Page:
Donald Trump, accused of leaking classified information to Russia during a meeting in the Oval Office, has seemingly done exactly what he has been criticising Hillary Clinton for since the 2016 presidential campaign.
Ms Clinton was being investigated by the FBI for purportedly using private email servers to send classified emails while she was Secretary of State. No charges were brought and the case has been closed, however it began a string a comments from Mr Trump on the matter of classified information sharing.
Here are six times he attacked Ms Clinton over her handling of classified information:
1. A 'very big deal'
It appears to begin in 2015 on Twitter, when Mr Trump said Ms Clinton’s emails were “a very big deal”.
2. 'Extremely careless'
During July 2015 rally in North Carolina, Mr Trump then said that the FBI called Ms Clinton “extremely careless,” but he thought she was “grossly incompetent” and putting Americans lives at risk.
3. 'Not fit'
The next year in July 2016 tied Ms Clinton's ability to be president with her mishandling of classified information and said she was "not fit" for the job.
4. 'Wouldn't pass a background check'
During a speech in Virginia Beach, Virgina the same month, Mr Trump said that if “elected, Hillary Clinton would become the first president of the United States who wouldn't be able to pass a background check.“
5. 'Like the Cold War...'
As the campaign wore on, Mr Trump brought Russia and the Cold War into the discussion of classified information leaking.
During a speech in North Carolina in September 2016, he said “Like the Cold War, we also need to fight this battle by collecting intelligence and then protecting our classified secrets.”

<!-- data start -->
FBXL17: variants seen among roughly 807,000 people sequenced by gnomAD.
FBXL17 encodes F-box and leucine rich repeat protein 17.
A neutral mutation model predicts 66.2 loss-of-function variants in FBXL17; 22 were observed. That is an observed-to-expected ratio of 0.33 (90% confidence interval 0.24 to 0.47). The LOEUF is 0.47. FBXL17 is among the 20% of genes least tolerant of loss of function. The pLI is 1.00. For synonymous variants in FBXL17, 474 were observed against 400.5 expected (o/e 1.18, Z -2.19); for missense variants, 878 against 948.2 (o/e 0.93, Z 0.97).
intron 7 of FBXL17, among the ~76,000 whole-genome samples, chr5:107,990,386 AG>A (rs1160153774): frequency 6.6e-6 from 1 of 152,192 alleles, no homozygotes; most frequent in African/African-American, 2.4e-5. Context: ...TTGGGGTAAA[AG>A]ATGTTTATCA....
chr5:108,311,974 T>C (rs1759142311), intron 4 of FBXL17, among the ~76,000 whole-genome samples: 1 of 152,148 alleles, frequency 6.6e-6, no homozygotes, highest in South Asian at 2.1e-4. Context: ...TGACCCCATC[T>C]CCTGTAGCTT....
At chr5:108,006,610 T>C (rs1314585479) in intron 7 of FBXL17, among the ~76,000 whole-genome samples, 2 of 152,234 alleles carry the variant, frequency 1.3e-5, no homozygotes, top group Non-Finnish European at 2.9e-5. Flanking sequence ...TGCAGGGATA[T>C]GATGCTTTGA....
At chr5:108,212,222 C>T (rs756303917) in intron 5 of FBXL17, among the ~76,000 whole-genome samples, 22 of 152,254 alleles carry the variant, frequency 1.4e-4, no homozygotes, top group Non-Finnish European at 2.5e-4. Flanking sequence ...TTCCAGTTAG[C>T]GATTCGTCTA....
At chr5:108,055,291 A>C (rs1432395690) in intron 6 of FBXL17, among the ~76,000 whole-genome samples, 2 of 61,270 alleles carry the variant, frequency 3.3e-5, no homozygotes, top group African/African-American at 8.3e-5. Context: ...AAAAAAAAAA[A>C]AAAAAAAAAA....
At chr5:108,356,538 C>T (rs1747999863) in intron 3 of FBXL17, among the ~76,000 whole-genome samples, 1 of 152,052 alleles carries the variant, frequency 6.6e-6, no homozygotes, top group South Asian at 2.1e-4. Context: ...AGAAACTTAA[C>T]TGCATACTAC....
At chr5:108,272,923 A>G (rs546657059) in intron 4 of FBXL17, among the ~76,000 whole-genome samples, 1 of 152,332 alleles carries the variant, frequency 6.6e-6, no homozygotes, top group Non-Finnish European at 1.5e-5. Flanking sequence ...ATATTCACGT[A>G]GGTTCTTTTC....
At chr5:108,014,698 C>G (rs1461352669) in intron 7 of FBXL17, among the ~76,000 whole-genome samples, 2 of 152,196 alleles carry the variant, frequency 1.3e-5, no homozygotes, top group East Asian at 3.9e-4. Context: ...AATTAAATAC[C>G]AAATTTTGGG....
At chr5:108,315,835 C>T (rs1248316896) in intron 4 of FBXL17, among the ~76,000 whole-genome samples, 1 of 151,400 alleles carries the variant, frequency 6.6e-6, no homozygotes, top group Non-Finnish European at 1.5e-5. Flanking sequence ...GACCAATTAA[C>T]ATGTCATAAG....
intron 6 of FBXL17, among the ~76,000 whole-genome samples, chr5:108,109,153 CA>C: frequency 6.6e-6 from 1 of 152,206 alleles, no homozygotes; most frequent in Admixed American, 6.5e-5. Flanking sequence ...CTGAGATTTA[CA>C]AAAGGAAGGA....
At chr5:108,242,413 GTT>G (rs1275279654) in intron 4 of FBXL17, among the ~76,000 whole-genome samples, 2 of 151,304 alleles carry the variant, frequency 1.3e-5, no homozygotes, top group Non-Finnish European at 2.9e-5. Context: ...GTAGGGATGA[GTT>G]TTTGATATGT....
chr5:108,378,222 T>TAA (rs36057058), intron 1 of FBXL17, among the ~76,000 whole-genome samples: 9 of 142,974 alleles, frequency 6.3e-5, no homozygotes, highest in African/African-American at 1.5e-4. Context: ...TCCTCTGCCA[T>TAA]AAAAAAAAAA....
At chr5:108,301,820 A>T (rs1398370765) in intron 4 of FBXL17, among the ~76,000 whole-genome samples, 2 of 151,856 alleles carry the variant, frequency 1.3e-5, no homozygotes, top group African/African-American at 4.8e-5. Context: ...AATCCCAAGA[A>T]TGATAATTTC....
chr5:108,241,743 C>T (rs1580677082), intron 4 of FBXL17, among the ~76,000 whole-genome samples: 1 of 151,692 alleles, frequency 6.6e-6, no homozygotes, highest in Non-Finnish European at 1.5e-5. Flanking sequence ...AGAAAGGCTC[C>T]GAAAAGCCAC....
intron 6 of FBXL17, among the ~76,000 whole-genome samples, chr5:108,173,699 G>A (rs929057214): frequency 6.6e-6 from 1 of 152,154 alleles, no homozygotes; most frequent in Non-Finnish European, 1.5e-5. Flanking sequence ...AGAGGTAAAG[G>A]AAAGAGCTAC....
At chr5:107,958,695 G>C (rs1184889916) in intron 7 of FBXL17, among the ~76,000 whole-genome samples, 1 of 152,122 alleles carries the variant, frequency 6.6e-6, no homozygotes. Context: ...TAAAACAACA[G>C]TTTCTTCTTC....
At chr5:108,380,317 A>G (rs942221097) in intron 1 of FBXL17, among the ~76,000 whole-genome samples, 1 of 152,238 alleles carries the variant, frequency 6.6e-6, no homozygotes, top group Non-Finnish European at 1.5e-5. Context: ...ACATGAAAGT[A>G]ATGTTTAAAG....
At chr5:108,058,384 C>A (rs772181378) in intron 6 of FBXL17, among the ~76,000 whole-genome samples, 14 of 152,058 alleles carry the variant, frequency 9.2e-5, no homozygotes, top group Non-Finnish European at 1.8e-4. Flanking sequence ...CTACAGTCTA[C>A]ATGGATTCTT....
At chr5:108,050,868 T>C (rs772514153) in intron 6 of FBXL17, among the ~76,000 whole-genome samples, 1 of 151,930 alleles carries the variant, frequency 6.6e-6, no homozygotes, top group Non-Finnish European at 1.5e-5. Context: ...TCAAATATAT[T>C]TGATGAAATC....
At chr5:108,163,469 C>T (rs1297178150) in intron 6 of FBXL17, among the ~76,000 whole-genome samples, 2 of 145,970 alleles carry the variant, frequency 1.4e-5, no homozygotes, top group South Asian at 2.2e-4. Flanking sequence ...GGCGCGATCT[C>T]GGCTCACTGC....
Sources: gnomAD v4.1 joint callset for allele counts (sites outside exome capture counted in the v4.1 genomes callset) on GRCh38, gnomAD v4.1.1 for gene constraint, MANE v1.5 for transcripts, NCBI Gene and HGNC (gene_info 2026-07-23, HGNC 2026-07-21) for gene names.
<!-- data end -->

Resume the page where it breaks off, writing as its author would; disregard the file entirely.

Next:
Mr Trump claimed the FBI investigation into Ms Clinton's use of a private server was "rigged" because she was not charged, trusting Wikileaks as a source of reliable information. It furthered his continued rhetoric that mass news outlets were and continue to be what he deems "fake media."
However, after he took office his rhetoric seemed to shift to focus on what he deemed as dangerous and “curious” leaks within Washington and the intelligence community itself, rather than Ms Clinton.
His perspective may have changed after being in office for several weeks in February 2017 when he tweeted that the New York Times should not have reported on a story regarding information about White House internal politics as well as a report about his call with Mexican President Enrique Pena Nieto.
As late as March 2017 however, Mr Trump appeared to understand the severity of leaking information but still put the focus outside of the White House on those serving as media sources rather than his administration’s officials.
Later that month he did tell Time magazine that month though that he understood “you can go to prison” for leaking classified information. However, in the wake of the report that he did so to Russia, Mr Trump and his surrogates have explained the president can declassify information should he deem necessary.
There is a legal debate in Washington regarding Mr Trump’s actions, with some opponents calling for impeachment.Reuse content